In this way, he's creating his images with three distinctive parts. The first part is his collection of seemingly random items to be used in his images. Next is forming the artwork by assembling ideas and items from his library of found and preconceived pictures. The assembly is where his vision and aesthetics, along with mastery of the alchemy, give the distinctive look to his images. These two parts of Uelsmann's process are not that different from many photographers, but the third part differs from the way many conceive their images.
The third stage is the most interesting part of Uelsmann's approach. While his images can be defined by their symbolism and subconscious overtones, these aren't the critical factors. Then what separates Uelsmann from other artists? He leaves the important part of the functioning of the art to his audience. At a question-and-answer session, when asked what an image meant, Uelsmann said that he doesn't try to answer questions of meaning with his images, but rather asks the audience to help him seek answers. The audience completes the image, not Uelsmann. This is why he doesn't title many of his images. He doesn't want the words in the title to interfere with the audience's experience of his images at any level.
A good example of Uelsmann's approach can be seen in one of his most popular images, "Untitled, 1976." The titling doesn't give the audience any point of view to skew their appreciation and interpretation of the image. The image is of a room with a desk and map stand in the center, with the sky, the sun and clouds replacing the ceiling, and a small figure of a man walking on a book open on the desk. The ambiguous image structure allows the audience to interpret the image based on their backgrounds, knowledge and emotions. Having no title forces the viewer to attend more to the various portions of the image and to engage more highly within their own minds to define meaning of the various parts. One gallery has called the image "Philosopher's Desk." By using this title, the gallery has put a spin on the meaning of the image that Uelsmann may never have intended.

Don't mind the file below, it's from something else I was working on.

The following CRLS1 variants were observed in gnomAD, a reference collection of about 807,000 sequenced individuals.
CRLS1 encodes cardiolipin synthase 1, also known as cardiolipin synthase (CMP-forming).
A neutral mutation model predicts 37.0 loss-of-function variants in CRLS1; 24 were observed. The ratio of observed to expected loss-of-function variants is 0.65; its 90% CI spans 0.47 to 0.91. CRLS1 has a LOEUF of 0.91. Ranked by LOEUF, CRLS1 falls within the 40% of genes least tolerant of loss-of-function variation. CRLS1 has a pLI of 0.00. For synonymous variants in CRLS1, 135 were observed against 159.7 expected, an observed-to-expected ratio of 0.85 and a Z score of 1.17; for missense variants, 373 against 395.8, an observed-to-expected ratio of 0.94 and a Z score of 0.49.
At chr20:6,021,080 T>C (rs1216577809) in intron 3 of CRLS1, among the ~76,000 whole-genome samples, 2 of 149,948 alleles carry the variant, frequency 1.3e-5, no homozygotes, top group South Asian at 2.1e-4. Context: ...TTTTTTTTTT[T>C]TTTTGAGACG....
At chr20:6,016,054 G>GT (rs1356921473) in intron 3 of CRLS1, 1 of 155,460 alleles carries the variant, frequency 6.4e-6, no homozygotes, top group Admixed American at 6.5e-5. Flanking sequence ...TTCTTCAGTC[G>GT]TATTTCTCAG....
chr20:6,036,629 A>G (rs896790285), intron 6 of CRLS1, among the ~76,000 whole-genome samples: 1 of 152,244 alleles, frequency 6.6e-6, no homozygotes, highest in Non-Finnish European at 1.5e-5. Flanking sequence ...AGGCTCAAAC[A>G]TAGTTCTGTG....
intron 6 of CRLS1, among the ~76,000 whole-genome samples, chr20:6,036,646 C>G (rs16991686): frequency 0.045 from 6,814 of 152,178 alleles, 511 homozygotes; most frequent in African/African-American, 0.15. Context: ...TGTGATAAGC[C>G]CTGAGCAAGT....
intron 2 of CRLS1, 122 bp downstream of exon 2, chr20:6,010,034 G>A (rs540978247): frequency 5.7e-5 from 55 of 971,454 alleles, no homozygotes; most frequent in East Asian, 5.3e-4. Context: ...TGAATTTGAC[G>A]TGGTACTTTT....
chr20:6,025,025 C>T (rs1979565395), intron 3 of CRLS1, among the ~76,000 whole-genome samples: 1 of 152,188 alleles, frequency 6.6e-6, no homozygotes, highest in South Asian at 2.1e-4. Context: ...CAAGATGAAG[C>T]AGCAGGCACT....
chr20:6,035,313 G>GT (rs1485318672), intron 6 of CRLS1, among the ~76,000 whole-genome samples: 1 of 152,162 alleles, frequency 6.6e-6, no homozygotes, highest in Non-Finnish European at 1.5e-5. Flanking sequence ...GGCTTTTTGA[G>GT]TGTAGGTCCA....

Uelsmann isn't certain about the meanings of his art, only the parts included in his images. Throughout the process, this uncertainty pushes him to find the proper combinations to make his art. Though he may end with an image that totally satisfies him, he arrives there through a process of discovery, not by creating images that are finished in his head at the beginning. He utilizes formal concepts as he arranges elements within his images. Because of his mastery of blending images seamlessly into new juxtapositions and photography's acceptance as real by the audience, this adds to the reality that's so important for the surreal images he creates. While his images may seem implausible, the reality created by his craft in the darkroom allows the viewer to see them as potentially real, if unlikely. In his iconic image of a house growing from tree roots, it's clear that Uelsmann's mastery of the way the two images come together allows the audience to interact with the concept of an abandoned and deteriorating house growing from the roots.
In the few cases where Uelsmann has named his images, the title aligns with the image content to lead the viewer to an understanding of the composition. In "Homage to John Muir, 2004," Uelsmann has chosen a background and center of interest that support his view of the importance of Muir to the natural environment. But even in this image, with its prescribed meaning, there's a level of ambiguity. The image consists of a high Sierra lake and a book floating above a semi-submerged rock with an eye. While the wording of the title, the background and the book are recognizable symbols, the floating book and the eye are more ambiguous, leaving some room for the audience to interpret more about the finished piece.